California’s Gov. Gavin Newsom ended his dramatic Thursday press conference announcing a statewide order for residents to stay at home in an attempt to fight the spread of COVID-19, with an acknowledgement of the growing number of attacks on Asian Americans.
He said that he came from an area in the state where “anti-Chinese bigotry led to the Chinese Exclusion Act, a black eye in the history of the United States of America…
“One thing I also want to express: The deep, deep recognition of the xenophobia, racism being perpetuated against Asians in our state. We’ve seen a huge increase of people assaulting people on the basis of where they were born and how they look.
“We’re better than that. We’re watching (for) that and we’re going to enforce that more aggressively. I hope that people put down their bigotry, their bias. In a state where 27% of us are foreign born, a state that is truly universal, the most diverse state, the world’s most diverse democracy, that in order to meet this moment, we have to recognize our common humanity.”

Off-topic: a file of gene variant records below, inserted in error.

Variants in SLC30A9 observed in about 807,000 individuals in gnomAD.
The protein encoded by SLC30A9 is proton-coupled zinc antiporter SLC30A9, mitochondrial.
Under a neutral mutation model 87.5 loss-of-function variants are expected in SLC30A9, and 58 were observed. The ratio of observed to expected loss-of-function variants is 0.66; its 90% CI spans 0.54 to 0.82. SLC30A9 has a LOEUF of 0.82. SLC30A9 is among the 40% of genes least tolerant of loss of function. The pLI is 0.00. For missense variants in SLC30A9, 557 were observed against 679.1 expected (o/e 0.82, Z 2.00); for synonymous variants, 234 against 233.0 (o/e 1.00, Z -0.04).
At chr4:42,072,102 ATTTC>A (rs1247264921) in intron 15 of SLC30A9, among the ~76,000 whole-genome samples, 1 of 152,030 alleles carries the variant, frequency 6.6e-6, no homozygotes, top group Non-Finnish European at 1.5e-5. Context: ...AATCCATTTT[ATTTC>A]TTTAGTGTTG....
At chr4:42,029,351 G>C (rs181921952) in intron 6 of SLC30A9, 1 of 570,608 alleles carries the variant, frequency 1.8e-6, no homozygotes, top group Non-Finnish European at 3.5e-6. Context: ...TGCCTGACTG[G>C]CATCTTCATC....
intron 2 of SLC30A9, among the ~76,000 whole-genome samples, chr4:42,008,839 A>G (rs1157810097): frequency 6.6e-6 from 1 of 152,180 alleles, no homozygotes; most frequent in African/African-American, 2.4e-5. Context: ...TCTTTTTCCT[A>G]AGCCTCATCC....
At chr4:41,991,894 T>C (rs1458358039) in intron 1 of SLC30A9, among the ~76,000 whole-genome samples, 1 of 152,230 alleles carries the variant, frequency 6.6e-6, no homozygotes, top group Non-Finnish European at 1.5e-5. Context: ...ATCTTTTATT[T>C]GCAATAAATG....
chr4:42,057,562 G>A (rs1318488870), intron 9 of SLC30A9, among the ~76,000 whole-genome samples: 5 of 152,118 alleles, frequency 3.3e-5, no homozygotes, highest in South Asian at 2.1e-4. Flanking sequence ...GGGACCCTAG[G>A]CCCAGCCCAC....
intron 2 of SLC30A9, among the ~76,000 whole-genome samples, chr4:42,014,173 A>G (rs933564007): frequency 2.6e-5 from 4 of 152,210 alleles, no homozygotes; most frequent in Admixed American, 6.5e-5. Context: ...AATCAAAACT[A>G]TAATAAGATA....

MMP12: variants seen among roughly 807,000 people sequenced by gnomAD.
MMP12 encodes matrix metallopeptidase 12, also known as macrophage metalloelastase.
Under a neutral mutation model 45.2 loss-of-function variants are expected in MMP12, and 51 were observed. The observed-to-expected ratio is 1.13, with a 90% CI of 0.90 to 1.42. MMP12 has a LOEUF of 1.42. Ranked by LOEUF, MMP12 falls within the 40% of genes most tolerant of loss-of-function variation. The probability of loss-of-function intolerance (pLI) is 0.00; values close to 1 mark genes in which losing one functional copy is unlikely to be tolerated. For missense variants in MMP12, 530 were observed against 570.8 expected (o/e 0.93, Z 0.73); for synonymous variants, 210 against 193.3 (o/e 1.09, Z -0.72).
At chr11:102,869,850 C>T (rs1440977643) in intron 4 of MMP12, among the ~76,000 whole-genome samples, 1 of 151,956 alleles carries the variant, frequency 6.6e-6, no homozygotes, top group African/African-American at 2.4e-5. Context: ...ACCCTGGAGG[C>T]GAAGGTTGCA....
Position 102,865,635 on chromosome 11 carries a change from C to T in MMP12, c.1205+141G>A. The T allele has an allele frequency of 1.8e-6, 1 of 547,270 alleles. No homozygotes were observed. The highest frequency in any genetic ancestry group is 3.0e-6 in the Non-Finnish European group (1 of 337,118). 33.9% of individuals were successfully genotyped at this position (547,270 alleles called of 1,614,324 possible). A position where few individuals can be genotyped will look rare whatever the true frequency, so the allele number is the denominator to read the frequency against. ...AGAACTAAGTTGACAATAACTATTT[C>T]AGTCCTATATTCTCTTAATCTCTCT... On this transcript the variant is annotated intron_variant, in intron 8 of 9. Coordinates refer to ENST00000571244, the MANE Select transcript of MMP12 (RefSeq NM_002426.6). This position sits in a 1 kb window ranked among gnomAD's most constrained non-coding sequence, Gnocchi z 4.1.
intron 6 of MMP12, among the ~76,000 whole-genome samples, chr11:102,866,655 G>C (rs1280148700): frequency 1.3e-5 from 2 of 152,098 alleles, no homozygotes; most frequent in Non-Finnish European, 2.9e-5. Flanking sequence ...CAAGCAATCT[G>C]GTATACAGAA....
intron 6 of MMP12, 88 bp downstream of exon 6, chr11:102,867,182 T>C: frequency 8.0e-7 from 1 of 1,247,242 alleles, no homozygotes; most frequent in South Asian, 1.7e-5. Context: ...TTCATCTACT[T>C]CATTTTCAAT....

His remarks concluded an announcement urging everyone in the state of 40 million people to stay at home. If nothing were to be done, Newsom predicted that in a worst case scenario, 56% of the state, or about 25 million people, will contract the virus.
Newsom hopes the strategy will slow down the exponentially increasing rate of the virus’ spread. “We want to flatten the curve,” he said.
In a follow-up announcement Friday, the governor announced the purchase of two hospitals that were having financial difficulty, including Seton Medical Center that was scheduled to go into bankruptcy within weeks. Seton is the largest employer and major medical facility in Daly City, a predominantly Asian American municipality.
The state’s purchase of the two hospitals, including the recently shuttered St. Vincent Medical Center in Los Angeles County, would add about 700 beds for the expected surge of coronavirus patients. The state, said Newsom, is also looking into converting hotels and college dormitories into places where those with the virus could be placed in quarantine and monitored by medical professionals.
Also Friday, the state’s lawmakers passed measures giving the state broad authority to spend up to $1 billion “for any purpose” so that California can implement the drastic measures in Newsom’s declaration of the coronavirus emergency.
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